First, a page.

The new InfiniFlash array is based on SanDisk’s 1YXZ 2D NAND flash memory chips, were debuted last year in its Optimus Max SSD flash drives. But instead of implementing the flash memory in an SSD form fact, SanDisk put it on a flash card, nicknamed “Icechip,” and to be precise, this card has 64 NAND packages, each with 128 GB capacity, for a total capacity of 8 TB. The InfiniFlash array has 64 of these Icechip cards crammed into a 3U enclosure. There’s a certain amount of intelligence on each card to run the InfiniFlash OS software, but there is no compute capacity other than this in the chassis. The InfiniFlash chassis has two power supplies, four fans, and two SAS modules that plug in the back, and the latter provides a total of eight 6 Gb/sec links out to as many as eight individual servers that will have full access to all of the capacity in the enclosure. (An upgrade to 12 Gb/sec SAS 3.0 links is coming down the road.)
This base InfiniFlash is capable of delivering up to 1 million I/O operations per second (presumably on a 100 percent read workload with 4 KB files, as is standard) with under 1 millisecond latencies on average. The array can deliver about 6 GB/sec of throughput, and with large blocks of data, can push as much as 9 GB/sec.
This base machine is known as the InfiniFlash IF100, and this is what SanDisk says costs under $1 per GB, and does so without resorting to data deduplication on compression. That does not mean SanDisk may not add such deduplication or compression features in the future, or that one of SanDisk’s OEM partners might not. It is just that there is no heavy-duty X86 controller or coprocessor in the array to add such compute-intensive software features and, importantly, that initial hyperscale customers will either not use or will have created on their own.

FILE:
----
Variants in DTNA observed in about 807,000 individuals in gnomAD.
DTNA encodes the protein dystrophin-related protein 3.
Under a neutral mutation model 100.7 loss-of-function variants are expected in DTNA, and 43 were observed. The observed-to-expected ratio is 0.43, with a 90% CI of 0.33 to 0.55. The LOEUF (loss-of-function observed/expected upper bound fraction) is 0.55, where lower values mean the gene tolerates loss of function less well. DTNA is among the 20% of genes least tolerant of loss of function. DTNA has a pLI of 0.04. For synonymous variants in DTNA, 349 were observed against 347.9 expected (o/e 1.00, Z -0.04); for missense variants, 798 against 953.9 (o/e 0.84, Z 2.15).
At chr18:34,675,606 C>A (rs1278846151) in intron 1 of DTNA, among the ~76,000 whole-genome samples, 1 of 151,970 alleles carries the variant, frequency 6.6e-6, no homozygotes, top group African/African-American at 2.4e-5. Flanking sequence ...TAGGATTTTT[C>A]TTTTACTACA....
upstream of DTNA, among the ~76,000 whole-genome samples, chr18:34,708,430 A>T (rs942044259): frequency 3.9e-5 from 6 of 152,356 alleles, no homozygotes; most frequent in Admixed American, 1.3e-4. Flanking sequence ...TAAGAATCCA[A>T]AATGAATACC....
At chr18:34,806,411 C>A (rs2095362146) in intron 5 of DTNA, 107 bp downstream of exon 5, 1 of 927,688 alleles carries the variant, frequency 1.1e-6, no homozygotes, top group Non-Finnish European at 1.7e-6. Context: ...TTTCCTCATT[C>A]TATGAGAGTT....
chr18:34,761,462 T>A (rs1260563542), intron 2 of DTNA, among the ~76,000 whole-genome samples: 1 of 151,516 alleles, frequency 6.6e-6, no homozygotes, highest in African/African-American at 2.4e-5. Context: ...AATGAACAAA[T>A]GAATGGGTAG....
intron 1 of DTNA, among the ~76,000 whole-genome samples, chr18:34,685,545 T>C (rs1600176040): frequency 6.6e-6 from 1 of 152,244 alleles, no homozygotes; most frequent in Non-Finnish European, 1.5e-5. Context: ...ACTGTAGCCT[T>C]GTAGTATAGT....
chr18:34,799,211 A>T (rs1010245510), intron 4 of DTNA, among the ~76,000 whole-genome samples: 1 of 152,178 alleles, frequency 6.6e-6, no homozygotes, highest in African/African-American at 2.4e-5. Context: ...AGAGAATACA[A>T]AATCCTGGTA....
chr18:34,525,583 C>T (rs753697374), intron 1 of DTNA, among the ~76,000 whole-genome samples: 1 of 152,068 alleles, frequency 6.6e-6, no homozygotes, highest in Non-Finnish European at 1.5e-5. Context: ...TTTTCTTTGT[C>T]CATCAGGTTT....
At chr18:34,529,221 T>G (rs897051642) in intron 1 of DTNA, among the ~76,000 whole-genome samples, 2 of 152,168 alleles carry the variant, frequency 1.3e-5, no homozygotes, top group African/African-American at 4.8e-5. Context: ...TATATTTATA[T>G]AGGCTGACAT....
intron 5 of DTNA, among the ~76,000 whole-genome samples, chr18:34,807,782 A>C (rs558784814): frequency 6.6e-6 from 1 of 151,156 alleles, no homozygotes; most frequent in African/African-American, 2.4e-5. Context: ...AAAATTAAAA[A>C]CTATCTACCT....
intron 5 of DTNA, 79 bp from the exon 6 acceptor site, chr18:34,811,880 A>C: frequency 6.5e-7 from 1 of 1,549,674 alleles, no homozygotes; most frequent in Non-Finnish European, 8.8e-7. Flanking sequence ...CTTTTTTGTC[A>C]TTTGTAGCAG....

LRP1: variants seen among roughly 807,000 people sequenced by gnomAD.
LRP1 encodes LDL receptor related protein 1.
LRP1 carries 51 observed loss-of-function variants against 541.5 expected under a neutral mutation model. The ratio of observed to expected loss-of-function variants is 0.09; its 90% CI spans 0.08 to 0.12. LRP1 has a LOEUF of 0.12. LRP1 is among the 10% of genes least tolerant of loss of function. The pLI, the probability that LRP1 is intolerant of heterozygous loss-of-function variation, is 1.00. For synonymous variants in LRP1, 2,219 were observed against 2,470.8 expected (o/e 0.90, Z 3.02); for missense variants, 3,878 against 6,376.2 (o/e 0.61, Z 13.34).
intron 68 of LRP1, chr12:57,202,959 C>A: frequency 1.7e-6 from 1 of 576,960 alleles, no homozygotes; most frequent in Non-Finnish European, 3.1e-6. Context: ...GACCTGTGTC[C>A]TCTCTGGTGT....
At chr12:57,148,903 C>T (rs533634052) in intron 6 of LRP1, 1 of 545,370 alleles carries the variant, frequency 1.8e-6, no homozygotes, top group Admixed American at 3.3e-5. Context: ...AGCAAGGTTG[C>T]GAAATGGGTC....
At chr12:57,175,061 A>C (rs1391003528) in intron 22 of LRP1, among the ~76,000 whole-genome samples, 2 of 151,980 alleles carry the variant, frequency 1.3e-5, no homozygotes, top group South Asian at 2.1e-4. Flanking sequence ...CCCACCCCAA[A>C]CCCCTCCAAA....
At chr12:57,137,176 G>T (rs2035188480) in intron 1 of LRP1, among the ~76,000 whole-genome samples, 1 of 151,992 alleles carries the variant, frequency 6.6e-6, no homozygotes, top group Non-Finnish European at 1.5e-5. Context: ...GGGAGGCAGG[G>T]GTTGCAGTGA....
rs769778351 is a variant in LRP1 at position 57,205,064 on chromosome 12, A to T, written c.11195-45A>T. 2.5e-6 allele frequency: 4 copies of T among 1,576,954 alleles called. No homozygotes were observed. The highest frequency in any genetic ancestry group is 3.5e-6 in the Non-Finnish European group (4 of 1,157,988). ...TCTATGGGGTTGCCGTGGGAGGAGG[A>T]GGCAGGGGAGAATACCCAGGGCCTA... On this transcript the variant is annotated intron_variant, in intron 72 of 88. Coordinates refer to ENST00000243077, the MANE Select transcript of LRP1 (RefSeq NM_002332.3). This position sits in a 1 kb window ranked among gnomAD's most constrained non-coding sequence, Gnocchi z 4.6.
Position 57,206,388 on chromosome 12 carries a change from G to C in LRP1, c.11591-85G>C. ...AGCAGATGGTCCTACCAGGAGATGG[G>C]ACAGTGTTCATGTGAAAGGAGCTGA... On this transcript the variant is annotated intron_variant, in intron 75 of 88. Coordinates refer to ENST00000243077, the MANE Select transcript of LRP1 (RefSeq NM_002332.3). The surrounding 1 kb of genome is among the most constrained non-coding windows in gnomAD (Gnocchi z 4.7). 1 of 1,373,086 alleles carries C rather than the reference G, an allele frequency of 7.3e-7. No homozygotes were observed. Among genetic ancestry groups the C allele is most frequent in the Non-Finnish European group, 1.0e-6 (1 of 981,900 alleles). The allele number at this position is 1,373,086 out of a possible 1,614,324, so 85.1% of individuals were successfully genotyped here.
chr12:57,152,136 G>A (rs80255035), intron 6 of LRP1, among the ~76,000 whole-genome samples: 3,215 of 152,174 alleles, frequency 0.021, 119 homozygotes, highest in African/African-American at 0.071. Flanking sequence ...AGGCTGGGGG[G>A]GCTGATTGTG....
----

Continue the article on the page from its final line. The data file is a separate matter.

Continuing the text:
SanDisk says that this $1 per GB price is on the same order of magnitude as a disk array using 15K RPM disk drives. But the real math for such a comparison will come down to very specific cases and generalities are dangerous.
“The calculations are very difficult,” Tim Stammers, storage analyst at 451 Research, tells The Next Platform. “You have to ask about what RAID levels are being used in the disk array, if there is thin provisioning, as well as what level of short stroking of the data on the drive is being used to boost the performance.” (Short stroking is only using a portion of the capacity of the disk drive, and specifically, only using the outside edge of the disk platter where the rotational speed is higher and therefore the data can be read onto a disk reading head that much quicker than for portions of the drive closer to the center of the platter, where the rotational speed is lower.) “But SanDisk is right. We can say generally that all flash arrays are now cheaper than disk arrays using high performance 15K RPM disk drives.”
It is not clear how SanDisk intends to scale out the InfiniFlash arrays – they are not clustered like the popular all-flash arrays from SolidFire and Kaminario are, just to name two vendors that peddle petabyte-scale flash. But Lyng tells The Next Platform that it won’t be long before SanDisk can double up the capacity of the InfiniFlash’s Icechip cards to 16 TB, which would yield 1 PB of capacity in a 3U enclosure. (It is reasonable to wonder if the future Icechip card will make use of the three-level-cell, or TLC, memory that SanDisk has created with NAND partner Toshiba and that debuted last August in SanDisk’s Ultra II SSDs.) No matter what chip technology SanDisk employs to double the capacity of the InfiniFlash, this is a very large amount of data to pack in a small space – and even more impressive, would burn under 500 watts under average loads and about 750 watts running full out.